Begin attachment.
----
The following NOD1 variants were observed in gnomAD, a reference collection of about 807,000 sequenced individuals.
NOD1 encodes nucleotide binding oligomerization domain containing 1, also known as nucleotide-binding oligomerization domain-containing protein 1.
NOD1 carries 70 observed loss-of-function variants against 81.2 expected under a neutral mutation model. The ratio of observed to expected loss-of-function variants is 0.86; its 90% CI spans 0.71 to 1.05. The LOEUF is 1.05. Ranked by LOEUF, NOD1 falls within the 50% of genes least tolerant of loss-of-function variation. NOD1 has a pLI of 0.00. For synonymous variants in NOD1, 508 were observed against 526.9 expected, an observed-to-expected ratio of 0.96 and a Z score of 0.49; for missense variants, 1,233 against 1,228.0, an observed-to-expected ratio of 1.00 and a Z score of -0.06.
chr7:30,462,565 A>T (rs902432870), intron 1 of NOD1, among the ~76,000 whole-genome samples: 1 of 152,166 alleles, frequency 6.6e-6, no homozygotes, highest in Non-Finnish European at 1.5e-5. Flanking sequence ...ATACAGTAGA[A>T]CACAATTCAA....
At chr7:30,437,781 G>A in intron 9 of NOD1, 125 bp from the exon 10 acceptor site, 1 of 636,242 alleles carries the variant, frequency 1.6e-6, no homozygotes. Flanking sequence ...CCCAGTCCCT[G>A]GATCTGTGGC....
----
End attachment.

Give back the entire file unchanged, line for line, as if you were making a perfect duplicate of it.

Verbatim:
The following NOD1 variants were observed in gnomAD, a reference collection of about 807,000 sequenced individuals.
NOD1 encodes nucleotide binding oligomerization domain containing 1, also known as nucleotide-binding oligomerization domain-containing protein 1.
NOD1 carries 70 observed loss-of-function variants against 81.2 expected under a neutral mutation model. The ratio of observed to expected loss-of-function variants is 0.86; its 90% CI spans 0.71 to 1.05. The LOEUF is 1.05. Ranked by LOEUF, NOD1 falls within the 50% of genes least tolerant of loss-of-function variation. NOD1 has a pLI of 0.00. For synonymous variants in NOD1, 508 were observed against 526.9 expected, an observed-to-expected ratio of 0.96 and a Z score of 0.49; for missense variants, 1,233 against 1,228.0, an observed-to-expected ratio of 1.00 and a Z score of -0.06.
chr7:30,462,565 A>T (rs902432870), intron 1 of NOD1, among the ~76,000 whole-genome samples: 1 of 152,166 alleles, frequency 6.6e-6, no homozygotes, highest in Non-Finnish European at 1.5e-5. Flanking sequence ...ATACAGTAGA[A>T]CACAATTCAA....
At chr7:30,437,781 G>A in intron 9 of NOD1, 125 bp from the exon 10 acceptor site, 1 of 636,242 alleles carries the variant, frequency 1.6e-6, no homozygotes. Flanking sequence ...CCCAGTCCCT[G>A]GATCTGTGGC....